"That doomed young aesthete, dark prince of art and literature, Scofield Thayer..."
Picasso biographer, John Richardson
Scofield Thayer (1889-1982), a wealthy, eccentric arts patron, introduced Modern art and letters to the U.S. in the 1920s through his provocative magazine The Dial. Artists such as Picasso, Matisse and Klimt, and writers such as T.S. Eliot, E.E. Cummings and Ezra Pound were first introduced to America on its pages. Many of the “Lost Generation” fled to Paris, such as Ernest Hemingway, F. Scott Fitzgerald, Gertrude Stein and John Singer Sargent, but Thayer went to Vienna. The Austrian capital was brimming with cutting edge modernist art and ideas; from there Thayer amassed one of the leading collections of modern art – now a highlight at The Metropolitan Museum of Art. His unconventional personal life and circle comprise a glamorous Who’s Who of the era’s writers, artists and other luminaries; among them, Louise Bryant (his lover), Sigmund Freud (his analyst) and Albert C. Barnes (his nemesis).
At the age of 37, at the height of his brilliant career, Thayer was diagnosed with paranoid schizophrenia. He retreated into a world of his own and lived for another 56 years surrounded by caretakers. When The Dial closed in 1929— and Wall Street crashed — New York's pioneering and iconic Museum of Modern Art was founded. Having at first rejected modernism, America was now ready to embrace it—largely as a result of Thayer's influence. And, many of the artists and writers whose work had puzzled and scandalized readers were now established.
Thayer was born in Worcester, Massachusetts to Edward D. Thayer and Florence Scofield Thayer. The Thayers were a prominent family, and Scofield's father was the country’s leading textile manufacturer. Scofield's uncle Ernest Thayer was the author of the well-known poem "Casey at the Bat".
Thayer entered Harvard University in 1909. There he made two lifelong friends – his future business partner, James Sibley Watson, Jr., heir to the Western Union fortune, and E.E. Cummings, whose genius he promoted. He served on the staff of the Harvard Monthly and met many other young poets and writers whose work he would later feature in The Dial. After graduating with honors, he went to Oxford University.
Thayer married the great beauty Elaine Orr in June 1916. He commissioned his friend E. E. Cummings to write his famous poem Epithalamion for the wedding. After a year-long honeymoon in California, they returned to New York and established separate residences. By 1919, Elaine was having an affair with Cummings, and gave birth to Cummings child, Nancy, whom Thayer recognized as his own.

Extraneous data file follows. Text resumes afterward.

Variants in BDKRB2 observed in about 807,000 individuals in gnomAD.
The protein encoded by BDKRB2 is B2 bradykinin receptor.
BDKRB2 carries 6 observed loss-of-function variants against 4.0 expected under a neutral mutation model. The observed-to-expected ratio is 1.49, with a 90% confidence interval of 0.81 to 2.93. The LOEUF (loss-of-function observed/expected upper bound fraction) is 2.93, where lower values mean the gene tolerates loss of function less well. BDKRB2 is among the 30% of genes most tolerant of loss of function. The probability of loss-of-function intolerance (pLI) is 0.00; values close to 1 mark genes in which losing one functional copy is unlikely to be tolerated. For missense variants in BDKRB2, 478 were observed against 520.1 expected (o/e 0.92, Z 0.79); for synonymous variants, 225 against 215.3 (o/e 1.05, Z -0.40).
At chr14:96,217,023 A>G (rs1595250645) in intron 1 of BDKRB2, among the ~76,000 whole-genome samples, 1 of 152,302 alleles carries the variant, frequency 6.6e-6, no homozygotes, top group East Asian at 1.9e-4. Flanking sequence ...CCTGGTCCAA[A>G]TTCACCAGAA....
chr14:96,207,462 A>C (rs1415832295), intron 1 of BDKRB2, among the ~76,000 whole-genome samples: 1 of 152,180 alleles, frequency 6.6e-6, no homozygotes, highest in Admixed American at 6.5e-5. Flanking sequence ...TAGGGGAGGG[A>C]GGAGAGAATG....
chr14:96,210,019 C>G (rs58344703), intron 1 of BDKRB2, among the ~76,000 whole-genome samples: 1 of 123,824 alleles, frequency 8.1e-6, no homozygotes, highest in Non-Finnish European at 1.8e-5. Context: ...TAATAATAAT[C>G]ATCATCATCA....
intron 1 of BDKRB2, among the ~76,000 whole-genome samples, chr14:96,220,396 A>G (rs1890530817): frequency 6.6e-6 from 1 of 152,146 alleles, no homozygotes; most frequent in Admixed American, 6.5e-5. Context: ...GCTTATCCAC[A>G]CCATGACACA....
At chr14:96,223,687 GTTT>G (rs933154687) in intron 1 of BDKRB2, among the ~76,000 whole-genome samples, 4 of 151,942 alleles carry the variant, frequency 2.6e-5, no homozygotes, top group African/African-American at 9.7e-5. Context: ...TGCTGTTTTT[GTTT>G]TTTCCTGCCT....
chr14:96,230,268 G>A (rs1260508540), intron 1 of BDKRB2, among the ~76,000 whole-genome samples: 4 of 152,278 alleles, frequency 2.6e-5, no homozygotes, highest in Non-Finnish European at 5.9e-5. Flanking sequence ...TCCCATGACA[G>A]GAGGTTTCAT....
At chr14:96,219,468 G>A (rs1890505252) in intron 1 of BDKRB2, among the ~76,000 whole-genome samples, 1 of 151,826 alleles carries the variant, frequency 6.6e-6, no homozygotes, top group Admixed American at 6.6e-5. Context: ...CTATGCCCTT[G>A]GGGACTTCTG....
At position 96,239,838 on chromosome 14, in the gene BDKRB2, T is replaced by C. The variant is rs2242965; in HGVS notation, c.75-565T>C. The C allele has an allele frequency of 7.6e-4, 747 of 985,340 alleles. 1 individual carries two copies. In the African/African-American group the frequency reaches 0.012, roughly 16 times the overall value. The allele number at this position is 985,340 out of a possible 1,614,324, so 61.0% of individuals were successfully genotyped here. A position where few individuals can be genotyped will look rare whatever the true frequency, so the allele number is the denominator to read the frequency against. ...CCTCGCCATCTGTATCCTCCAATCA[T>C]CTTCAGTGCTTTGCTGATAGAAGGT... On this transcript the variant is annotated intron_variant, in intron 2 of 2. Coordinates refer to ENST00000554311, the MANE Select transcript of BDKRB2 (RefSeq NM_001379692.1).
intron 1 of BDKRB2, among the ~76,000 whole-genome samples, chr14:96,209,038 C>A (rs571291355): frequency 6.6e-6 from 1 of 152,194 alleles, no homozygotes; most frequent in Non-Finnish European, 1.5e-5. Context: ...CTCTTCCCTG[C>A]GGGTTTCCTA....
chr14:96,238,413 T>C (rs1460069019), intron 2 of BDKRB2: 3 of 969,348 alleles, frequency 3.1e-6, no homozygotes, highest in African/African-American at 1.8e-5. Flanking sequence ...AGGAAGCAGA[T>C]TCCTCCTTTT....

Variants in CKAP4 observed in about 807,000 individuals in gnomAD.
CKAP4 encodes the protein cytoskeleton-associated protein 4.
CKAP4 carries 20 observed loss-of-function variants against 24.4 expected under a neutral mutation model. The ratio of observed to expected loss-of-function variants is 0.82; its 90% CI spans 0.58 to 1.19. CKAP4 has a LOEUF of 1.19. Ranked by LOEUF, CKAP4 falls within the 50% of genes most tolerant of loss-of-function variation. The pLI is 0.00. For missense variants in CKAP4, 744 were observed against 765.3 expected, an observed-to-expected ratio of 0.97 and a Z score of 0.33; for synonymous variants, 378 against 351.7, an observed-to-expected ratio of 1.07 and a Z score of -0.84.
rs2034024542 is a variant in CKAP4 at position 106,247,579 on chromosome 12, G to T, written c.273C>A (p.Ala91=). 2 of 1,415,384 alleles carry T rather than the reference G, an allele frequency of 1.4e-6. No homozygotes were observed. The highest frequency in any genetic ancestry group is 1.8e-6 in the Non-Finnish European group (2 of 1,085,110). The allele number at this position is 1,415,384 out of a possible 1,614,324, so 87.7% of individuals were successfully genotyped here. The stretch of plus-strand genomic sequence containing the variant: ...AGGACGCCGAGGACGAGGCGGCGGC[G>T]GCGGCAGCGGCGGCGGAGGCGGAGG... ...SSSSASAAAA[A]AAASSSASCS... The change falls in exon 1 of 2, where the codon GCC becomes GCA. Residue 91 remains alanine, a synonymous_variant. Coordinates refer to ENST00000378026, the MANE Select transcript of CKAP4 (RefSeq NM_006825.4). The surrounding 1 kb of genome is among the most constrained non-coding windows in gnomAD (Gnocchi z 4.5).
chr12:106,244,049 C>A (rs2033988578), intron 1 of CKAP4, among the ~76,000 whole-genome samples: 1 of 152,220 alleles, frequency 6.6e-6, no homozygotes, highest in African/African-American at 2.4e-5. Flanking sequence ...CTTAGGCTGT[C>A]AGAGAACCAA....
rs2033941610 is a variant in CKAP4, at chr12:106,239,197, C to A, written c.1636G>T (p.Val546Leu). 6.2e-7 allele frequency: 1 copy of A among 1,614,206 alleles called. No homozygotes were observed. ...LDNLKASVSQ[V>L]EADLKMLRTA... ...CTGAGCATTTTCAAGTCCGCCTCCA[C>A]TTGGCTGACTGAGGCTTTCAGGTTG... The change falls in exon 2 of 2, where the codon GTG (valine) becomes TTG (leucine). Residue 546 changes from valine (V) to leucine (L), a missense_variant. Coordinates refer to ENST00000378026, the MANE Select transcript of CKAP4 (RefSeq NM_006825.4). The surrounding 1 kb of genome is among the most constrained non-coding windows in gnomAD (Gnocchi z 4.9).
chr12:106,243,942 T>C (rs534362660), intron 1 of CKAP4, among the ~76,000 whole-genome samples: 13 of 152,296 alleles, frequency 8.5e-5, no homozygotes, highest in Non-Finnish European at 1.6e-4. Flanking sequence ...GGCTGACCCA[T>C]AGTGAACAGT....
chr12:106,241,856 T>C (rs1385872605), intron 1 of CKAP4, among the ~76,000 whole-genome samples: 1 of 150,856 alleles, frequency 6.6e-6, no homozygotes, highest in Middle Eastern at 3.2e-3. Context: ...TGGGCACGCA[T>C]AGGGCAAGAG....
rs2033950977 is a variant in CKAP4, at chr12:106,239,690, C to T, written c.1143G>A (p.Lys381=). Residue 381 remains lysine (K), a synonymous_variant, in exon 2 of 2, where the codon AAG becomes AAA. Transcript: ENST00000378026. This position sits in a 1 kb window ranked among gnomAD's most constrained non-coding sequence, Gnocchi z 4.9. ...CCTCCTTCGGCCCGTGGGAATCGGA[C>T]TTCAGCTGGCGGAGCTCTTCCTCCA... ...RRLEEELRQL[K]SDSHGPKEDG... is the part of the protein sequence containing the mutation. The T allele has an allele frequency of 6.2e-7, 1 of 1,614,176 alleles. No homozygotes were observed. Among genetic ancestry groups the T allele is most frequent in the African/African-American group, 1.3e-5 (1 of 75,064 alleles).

In 1918, Thayer, a poet and writer, started writing for The Dial. In late 1919, Thayer and fellow Harvard alumnus James Sibley Watson, Jr. purchased the financially troubled magazine. Thayer became Editor and Watson served as President. They released their first issue of The Dial in January 1920, featuring work by E. E. Cummings, Gaston Lachaise, and Carl Sandburg.
Thayer started to experience mental distress, and in July 1921 he sailed for Europe and settled in Vienna for two years where he saw Dr. Freud weekly (at $100 a week), consulting with him in German. Thayer continued to direct the operations of The Dial, sending layout and content instructions back to the magazine's offices in New York.
But his mental condition continued to deteriorate and in 1926, he suffered a complete mental breakdown. Diagnosed with paranoid schizophrenia, he resigned as editor of The Dial in June 1926, though he continued to serve as an advisor, contributing poems on occasion. He would financially support the magazine until its closure in 1929. The remainder of his life was spent with caretakers, moving between homes and hotels in Bermuda, Florida, Worcester, New York and his beloved Martha's Vineyard.
Thayer died in 1982 at 93 years of age and had outlived all the heirs named in his will. The estate settlement resulted in a high voltage case that created shock waves through the museum and literary worlds: after 50 years on permanent loan at the Worcester Art Museum, The Dial Art collection of over 600 paintings, drawings and sculptures was transferred to the Metropolitan Museum of Art. Thayer’s will provided for this bequest on the condition that the art be on permanent display, a condition not met. And after close to 40 years on loan to Yale University’s Beinecke Rare Book and Manuscript Library, The Dial’s priceless collection of letters and manuscripts was threatened by a forced sale which was, fortunately, averted.
He is buried in Rural Cemetery in Worcester, Massachusetts.